• The preparation phase, in which the necessary information for later implementation is gathered and summarized in concepts,
  • The implementation phase, in which you set up and implement detailed blocking, deletion and authorization concepts in SAP ILM.

Alongside developing blocking and deletion concepts, you should also analyze your IT infrastructure from a GDPR perspective. The aim here is to find out:

  • Which systems supply data to the ERP,
  • Which interfaces are created in the process,
  • Where and in which form – from a technical perspective – data can be found and
  • What other dependencies may exist with other systems.

The purpose of this measure is to gain control over the entire data flow that is relevant for SAP ILM. You can find further requirements for the smooth operation of easy WebDAV for ILM in the following overview.

  • A configured SAP ILM system
  • easy for SAP
  • easy archive
  • easy WebDAV for ILM as an extension module for easy for SAP

SAP ILM – a detailed look at Information Lifecycle Management:
All personal data have a lifecycle. SAP Net Weaver ILM (SAP NetWeaver Information Lifecycle Management) adds the ability to manage the lifecycle more productively and to control archived data and documents based on rules to the standard SAP delivery. SAP NetWeaver ILM uses expanded data archiving functions specific to SAP ILM.

With the use of easy WebDAV for ILM as an extension to SAP ILM, you gain the ability to conform with all comprehensive requirements for the mandatory implementation of the GDPR. easy WebDAV for ILM particularly meets the requirement for providing ILM-capable storage for archive data and archive documents. The following diagram illustrates the interaction of SAP ILM, EASY WebDAV for ILM and easy archive.

Information Management Lifecycle - the ILM pyramid

easy WebDAV for SAP ILM includes the ILM-capable document archive storage via an easy WebDAV server and meets all the requirements of SAP for ILM-capable storage:

  • Definition and management of retention policies
  • Storage and retention of information in file systems
  • Simplified blocking and deletion of data and documents (as a subfunction of the information retention management scenario (IRM) of SAP ILM)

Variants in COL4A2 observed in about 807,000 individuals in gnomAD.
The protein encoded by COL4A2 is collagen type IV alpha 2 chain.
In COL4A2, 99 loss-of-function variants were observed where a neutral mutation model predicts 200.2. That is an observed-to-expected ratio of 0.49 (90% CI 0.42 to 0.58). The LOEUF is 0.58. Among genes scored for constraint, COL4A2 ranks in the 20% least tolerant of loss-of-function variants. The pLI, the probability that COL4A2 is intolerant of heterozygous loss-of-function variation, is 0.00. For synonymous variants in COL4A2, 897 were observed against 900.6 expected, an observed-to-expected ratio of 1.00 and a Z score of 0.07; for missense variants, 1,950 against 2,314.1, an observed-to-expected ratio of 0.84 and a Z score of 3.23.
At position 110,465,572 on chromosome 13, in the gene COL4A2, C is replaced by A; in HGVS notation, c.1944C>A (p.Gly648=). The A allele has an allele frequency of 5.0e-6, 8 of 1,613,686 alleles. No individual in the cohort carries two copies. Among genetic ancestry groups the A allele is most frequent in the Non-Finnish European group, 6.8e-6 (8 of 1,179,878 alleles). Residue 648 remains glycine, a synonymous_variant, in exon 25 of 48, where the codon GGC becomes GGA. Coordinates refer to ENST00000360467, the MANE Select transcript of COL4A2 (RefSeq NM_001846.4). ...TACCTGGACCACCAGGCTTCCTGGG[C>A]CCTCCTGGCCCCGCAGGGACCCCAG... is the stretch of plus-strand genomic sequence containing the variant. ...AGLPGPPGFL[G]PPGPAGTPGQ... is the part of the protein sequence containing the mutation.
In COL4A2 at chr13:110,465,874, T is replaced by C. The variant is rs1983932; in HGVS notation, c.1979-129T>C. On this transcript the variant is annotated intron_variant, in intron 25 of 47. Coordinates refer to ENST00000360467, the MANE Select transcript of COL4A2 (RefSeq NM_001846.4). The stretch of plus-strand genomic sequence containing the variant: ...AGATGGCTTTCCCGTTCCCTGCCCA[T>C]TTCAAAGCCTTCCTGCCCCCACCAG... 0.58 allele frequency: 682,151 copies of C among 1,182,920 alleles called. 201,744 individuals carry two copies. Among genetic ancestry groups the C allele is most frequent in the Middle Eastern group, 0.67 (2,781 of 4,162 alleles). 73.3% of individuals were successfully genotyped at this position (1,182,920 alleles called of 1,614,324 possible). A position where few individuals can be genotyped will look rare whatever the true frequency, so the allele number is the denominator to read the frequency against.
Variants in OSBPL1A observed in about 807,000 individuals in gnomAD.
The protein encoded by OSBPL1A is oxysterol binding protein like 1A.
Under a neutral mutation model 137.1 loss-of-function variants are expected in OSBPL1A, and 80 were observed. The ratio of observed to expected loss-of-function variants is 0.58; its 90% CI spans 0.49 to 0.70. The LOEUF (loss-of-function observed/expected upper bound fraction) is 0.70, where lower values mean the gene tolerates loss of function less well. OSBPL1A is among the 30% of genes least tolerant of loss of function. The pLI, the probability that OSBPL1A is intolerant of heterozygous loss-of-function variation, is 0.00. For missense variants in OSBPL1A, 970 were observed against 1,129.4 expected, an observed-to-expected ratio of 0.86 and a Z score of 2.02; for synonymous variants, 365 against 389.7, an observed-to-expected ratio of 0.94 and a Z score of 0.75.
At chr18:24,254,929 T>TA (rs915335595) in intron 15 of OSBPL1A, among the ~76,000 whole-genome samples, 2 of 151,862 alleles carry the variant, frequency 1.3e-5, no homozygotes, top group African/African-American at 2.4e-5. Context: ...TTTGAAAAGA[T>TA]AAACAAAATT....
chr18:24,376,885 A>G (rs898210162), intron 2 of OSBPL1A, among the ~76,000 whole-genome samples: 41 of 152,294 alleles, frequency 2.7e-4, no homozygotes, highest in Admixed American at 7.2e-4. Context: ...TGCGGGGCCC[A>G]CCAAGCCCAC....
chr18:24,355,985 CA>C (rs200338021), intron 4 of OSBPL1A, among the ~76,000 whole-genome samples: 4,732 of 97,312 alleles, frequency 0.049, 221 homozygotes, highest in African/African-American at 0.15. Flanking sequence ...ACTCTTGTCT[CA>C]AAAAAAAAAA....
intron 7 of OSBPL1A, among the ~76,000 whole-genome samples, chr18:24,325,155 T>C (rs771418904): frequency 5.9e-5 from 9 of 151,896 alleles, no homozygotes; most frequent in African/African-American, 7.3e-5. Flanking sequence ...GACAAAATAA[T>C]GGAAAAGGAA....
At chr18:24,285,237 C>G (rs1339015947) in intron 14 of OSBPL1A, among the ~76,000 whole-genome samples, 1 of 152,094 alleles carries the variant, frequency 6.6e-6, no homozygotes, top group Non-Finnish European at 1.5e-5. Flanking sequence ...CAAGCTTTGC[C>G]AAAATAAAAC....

• Elimination of data or documents from the archive or a database
  • Establishment of extraordinary retention periods, including the support of preservation of evidence procedures
EASY Archive and ILM functions


Cost-optimized data archiving before switching to S/4HANA

Moving to the new S/4HANA system requires enormous resources. Everything needs to be well planned: A detailed roadmap and a clear migration path requires several man-hours. After all your efforts, you will achieve a successful transition to the new S/4HANA system. S/4 is high performing because it resides in an in-memory DB. This is where the difficulty lies. S/4HANA will certainly perform better than any other SAP system has before. But this is exactly where SAP keeps silent: What costs will you have to deal with? One thing is clear, with the migration to S/4HANA, you can expect a gigabyte-based volume license. Every gigabyte in the HANA-DB costs money. At this point, a well-thought-out strategy can significantly reduce costs.

Plan your transfer cost effectively

  • Data Cleansing: Determine data records that are to be archived from your SAP production system.
  • Data Archiving: Archive the determined data records in an audit-proof archive.
  • Reduce costs: Save cash with your archiving strategy when moving to S/4HANA.